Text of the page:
Satellite twins launched
Australian authorities have launched a high-tech set of tiny satellites.
UNSW Canberra Space’s M2 CubeSat satellites successfully launched from New Zealand this week.
The M2 mission, a collaboration between UNSW Canberra Space and the Royal Australian Air Force (RAAF), brings together emerging technologies that deliver advanced capabilities in Earth observation, maritime surveillance, and satellite communications.
The M2 system features formation flying, where the craft is able to split into two separate satellites (M2- A and M2-B) and fly in sequence, enabling significant mission flexibility.
The data captured by M2 can inform maritime surveillance, weather observations and low-orbit satellite traffic. This information is processed through advanced in-orbit artificial intelligence, on a platform reconfigurable throughout the mission.
Air Vice-Marshal Cath Roberts, Head of Air Force Capability, says the M2 mission is incredibly exciting as it is the first time the RAAF has used formation flying in CubeSats.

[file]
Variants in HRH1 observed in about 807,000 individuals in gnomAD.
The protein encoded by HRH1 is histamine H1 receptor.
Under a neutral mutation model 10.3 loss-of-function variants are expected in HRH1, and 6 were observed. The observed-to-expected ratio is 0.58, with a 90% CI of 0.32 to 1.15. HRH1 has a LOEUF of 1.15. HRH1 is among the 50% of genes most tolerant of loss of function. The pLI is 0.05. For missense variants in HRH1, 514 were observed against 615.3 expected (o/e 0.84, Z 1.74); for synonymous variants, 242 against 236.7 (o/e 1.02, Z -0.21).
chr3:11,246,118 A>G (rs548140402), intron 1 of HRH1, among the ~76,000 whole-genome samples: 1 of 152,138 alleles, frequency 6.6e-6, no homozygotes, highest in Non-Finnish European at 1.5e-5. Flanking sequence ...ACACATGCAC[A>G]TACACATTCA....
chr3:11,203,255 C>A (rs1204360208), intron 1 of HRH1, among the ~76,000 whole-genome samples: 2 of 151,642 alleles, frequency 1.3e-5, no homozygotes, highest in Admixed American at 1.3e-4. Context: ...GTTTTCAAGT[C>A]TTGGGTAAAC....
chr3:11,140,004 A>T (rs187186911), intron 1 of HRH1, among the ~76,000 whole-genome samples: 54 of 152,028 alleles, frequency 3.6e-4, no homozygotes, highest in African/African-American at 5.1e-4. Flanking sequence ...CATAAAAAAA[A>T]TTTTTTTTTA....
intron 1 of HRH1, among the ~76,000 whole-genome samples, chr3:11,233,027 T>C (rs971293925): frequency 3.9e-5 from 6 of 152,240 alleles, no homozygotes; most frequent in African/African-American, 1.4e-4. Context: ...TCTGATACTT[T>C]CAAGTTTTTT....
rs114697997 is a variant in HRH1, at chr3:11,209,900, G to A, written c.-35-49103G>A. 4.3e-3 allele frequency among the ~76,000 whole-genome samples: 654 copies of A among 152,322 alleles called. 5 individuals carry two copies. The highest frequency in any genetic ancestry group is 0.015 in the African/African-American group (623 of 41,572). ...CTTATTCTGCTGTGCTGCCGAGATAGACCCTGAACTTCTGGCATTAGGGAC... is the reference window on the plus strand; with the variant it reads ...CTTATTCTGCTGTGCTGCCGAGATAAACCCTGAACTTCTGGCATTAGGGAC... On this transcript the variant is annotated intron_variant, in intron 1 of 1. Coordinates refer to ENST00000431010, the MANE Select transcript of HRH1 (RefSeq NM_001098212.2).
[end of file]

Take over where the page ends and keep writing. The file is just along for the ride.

“The two satellites will be able to communicate with each other, as well as ground stations back here on Earth, giving better quality data, with greater detail and less lag time – all fundamentally important for Australia’s defence,” Air Vice-Marshal Cath Roberts said.
UNSW Canberra Space’s Spacecraft Project Lead Andrin Tomaschett said the M2 mission was almost entirely designed and built in Australia.
The mission is supported by a domestic supply chain of some 30 companies. This, combined with three spin-off companies from UNSW Canberra Space to date, is an indicator of the significant impact that targeted investment in the research sector can have on building the nation’s space industry.
“The M2 mission is our most complex yet and it’s great to be launching again with Rocket Lab,” Mr Tomaschett said.
“M2 comprises two connected spacecraft that will separate on-orbit to engage in formation flying, followed by a multitude of radio frequency, imaging and laser experiments.”
The satellites were launched as part of Rocket Lab’s ‘They Go Up So Fast’ initiative.